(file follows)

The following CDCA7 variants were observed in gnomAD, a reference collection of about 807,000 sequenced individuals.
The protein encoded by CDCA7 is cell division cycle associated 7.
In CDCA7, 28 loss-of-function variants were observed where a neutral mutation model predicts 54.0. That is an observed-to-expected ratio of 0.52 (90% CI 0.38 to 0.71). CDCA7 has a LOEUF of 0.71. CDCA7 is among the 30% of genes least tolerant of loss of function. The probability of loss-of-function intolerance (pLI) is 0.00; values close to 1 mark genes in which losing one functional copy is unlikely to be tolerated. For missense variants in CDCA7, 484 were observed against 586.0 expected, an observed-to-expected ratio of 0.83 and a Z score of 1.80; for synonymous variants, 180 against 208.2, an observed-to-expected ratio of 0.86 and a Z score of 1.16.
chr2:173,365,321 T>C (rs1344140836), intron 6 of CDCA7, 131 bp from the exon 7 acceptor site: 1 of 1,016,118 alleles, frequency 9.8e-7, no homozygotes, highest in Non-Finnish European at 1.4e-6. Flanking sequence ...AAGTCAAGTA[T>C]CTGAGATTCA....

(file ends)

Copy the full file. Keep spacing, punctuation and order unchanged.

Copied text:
The following CDCA7 variants were observed in gnomAD, a reference collection of about 807,000 sequenced individuals.
The protein encoded by CDCA7 is cell division cycle associated 7.
In CDCA7, 28 loss-of-function variants were observed where a neutral mutation model predicts 54.0. That is an observed-to-expected ratio of 0.52 (90% CI 0.38 to 0.71). CDCA7 has a LOEUF of 0.71. CDCA7 is among the 30% of genes least tolerant of loss of function. The probability of loss-of-function intolerance (pLI) is 0.00; values close to 1 mark genes in which losing one functional copy is unlikely to be tolerated. For missense variants in CDCA7, 484 were observed against 586.0 expected, an observed-to-expected ratio of 0.83 and a Z score of 1.80; for synonymous variants, 180 against 208.2, an observed-to-expected ratio of 0.86 and a Z score of 1.16.
chr2:173,365,321 T>C (rs1344140836), intron 6 of CDCA7, 131 bp from the exon 7 acceptor site: 1 of 1,016,118 alleles, frequency 9.8e-7, no homozygotes, highest in Non-Finnish European at 1.4e-6. Flanking sequence ...AAGTCAAGTA[T>C]CTGAGATTCA....